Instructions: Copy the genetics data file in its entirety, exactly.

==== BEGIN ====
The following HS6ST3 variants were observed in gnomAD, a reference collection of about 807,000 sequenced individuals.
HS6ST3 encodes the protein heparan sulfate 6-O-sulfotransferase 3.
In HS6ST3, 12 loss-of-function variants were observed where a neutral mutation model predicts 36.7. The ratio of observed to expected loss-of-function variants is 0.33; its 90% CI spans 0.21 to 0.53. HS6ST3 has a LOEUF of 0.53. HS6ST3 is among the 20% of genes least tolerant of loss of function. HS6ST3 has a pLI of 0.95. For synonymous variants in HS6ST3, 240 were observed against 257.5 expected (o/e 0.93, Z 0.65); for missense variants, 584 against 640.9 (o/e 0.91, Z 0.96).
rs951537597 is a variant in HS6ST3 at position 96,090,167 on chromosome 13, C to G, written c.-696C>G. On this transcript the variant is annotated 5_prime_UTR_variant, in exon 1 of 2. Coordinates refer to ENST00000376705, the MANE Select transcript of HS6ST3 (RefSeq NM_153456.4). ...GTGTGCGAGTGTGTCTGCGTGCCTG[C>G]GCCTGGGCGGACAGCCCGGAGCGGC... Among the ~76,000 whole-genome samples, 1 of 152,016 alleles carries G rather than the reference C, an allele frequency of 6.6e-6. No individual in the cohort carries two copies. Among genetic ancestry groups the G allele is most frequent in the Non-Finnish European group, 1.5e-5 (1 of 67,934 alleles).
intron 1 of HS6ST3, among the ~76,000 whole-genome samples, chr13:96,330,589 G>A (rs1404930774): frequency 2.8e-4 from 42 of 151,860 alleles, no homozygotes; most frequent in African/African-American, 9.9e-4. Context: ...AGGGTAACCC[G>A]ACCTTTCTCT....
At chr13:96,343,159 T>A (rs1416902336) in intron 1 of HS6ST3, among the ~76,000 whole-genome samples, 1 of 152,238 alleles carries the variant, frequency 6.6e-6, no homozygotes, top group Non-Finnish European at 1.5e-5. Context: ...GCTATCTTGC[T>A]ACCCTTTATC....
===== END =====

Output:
The following HS6ST3 variants were observed in gnomAD, a reference collection of about 807,000 sequenced individuals.
HS6ST3 encodes the protein heparan sulfate 6-O-sulfotransferase 3.
In HS6ST3, 12 loss-of-function variants were observed where a neutral mutation model predicts 36.7. The ratio of observed to expected loss-of-function variants is 0.33; its 90% CI spans 0.21 to 0.53. HS6ST3 has a LOEUF of 0.53. HS6ST3 is among the 20% of genes least tolerant of loss of function. HS6ST3 has a pLI of 0.95. For synonymous variants in HS6ST3, 240 were observed against 257.5 expected (o/e 0.93, Z 0.65); for missense variants, 584 against 640.9 (o/e 0.91, Z 0.96).
rs951537597 is a variant in HS6ST3 at position 96,090,167 on chromosome 13, C to G, written c.-696C>G. On this transcript the variant is annotated 5_prime_UTR_variant, in exon 1 of 2. Coordinates refer to ENST00000376705, the MANE Select transcript of HS6ST3 (RefSeq NM_153456.4). ...GTGTGCGAGTGTGTCTGCGTGCCTG[C>G]GCCTGGGCGGACAGCCCGGAGCGGC... Among the ~76,000 whole-genome samples, 1 of 152,016 alleles carries G rather than the reference C, an allele frequency of 6.6e-6. No individual in the cohort carries two copies. Among genetic ancestry groups the G allele is most frequent in the Non-Finnish European group, 1.5e-5 (1 of 67,934 alleles).
intron 1 of HS6ST3, among the ~76,000 whole-genome samples, chr13:96,330,589 G>A (rs1404930774): frequency 2.8e-4 from 42 of 151,860 alleles, no homozygotes; most frequent in African/African-American, 9.9e-4. Context: ...AGGGTAACCC[G>A]ACCTTTCTCT....
At chr13:96,343,159 T>A (rs1416902336) in intron 1 of HS6ST3, among the ~76,000 whole-genome samples, 1 of 152,238 alleles carries the variant, frequency 6.6e-6, no homozygotes, top group Non-Finnish European at 1.5e-5. Context: ...GCTATCTTGC[T>A]ACCCTTTATC....